Internationally acclaimed photographer Fernando Bengoechea, tragically lost his life in the Tsunami of 2004. As you may remember, Fernando was vacationing in Sri Lanka with his partner celebrity designer Nate Berkus. Nate miraculously survived. Fernando’s body was never found. He was 39. Fernando’s brother, Marcelo Bengoechea, took a very long time to accept his brother’s death. When he finally did, what he could not accept was that his art would die with him. So, Marcelo has made it his mission to keep his brother’s art alive.

[Read more about this at fernandobengoechea.com]

Fernando pioneered a technique of woven photography where he took two identical giclee prints and hand wove them together to create one image (see below.) Marcelo spent 10 years learning the technique before he felt comfortable actually doing it himself.

The Studio at Fernando Bengoechea was created in Fernando’s memory, with the mission of keeping his art alive by preserving, reviving and evolving his unique Woven Photograph legacy. His brother, Marcelo, refuses to let Fernando’s art die with him and continues his work by hand-weaving Limited Editions of his memorable photographs. Fernando’s fine art photographs are also available as Museum Quality Archival Prints in several sizes.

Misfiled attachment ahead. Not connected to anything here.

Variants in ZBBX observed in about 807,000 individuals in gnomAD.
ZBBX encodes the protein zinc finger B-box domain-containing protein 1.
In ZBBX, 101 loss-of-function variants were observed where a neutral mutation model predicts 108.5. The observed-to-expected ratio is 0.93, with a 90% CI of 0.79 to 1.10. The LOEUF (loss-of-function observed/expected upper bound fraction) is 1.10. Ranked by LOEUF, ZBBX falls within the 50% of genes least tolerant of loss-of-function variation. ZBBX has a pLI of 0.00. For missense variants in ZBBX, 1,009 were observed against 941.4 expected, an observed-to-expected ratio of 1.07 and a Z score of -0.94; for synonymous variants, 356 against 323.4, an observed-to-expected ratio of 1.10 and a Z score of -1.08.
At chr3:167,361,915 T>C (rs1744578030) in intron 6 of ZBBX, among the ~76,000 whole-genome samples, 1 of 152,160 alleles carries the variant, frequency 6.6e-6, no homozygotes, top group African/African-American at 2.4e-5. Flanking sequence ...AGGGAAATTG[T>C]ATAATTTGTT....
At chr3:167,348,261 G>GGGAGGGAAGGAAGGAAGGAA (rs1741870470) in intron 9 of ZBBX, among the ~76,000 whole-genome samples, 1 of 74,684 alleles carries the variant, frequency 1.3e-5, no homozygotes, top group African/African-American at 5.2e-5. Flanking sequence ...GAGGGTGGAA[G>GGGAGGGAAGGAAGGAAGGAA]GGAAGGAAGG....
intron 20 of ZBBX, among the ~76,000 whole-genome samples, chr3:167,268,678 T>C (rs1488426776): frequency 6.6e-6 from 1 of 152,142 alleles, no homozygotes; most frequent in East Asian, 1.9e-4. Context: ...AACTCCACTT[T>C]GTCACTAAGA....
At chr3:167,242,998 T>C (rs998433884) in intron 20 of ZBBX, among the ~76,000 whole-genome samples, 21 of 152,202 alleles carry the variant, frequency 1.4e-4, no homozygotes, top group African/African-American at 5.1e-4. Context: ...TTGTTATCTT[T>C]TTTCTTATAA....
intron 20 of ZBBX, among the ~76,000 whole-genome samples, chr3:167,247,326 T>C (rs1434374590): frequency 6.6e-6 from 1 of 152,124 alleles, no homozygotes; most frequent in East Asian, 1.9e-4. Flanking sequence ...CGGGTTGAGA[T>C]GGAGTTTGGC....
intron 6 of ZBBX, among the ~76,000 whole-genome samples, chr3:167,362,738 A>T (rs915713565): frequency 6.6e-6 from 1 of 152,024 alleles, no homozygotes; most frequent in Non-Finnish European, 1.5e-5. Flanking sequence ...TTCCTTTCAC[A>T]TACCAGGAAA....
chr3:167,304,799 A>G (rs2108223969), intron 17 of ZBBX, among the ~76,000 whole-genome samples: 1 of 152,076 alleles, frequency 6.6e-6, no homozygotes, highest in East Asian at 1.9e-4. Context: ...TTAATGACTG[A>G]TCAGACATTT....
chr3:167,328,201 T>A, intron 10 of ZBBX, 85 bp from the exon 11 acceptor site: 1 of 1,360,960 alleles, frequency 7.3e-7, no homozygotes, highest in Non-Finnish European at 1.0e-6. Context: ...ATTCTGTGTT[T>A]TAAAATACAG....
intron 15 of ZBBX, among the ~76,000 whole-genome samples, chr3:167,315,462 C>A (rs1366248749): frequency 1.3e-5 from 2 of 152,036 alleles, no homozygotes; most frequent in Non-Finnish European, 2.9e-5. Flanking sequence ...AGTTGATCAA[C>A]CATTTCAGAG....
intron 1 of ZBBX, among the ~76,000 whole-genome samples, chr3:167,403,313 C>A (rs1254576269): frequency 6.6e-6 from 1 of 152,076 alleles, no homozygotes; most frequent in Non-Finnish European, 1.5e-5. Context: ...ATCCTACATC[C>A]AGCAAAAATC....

Some of Fernando’s most recognized works were his “Karma Tree” series he shot in Joshua Tree.  This series will headline the first U.S. Exhibition “Woven Together” featuring Fernando’s images woven by his brother Marcelo taking place in Palm Springs during Modernism week.  The gala opening event is Saturday, February 18th from 6-9PM at Super Simple a gay-owned home store located at 800 N. Palm Canyon Dr. The artwork will be on sale and the exhibit will remain in the store for 30 days.  The store was selected because the aesthetics were similar to those of Fernando and Nate’s.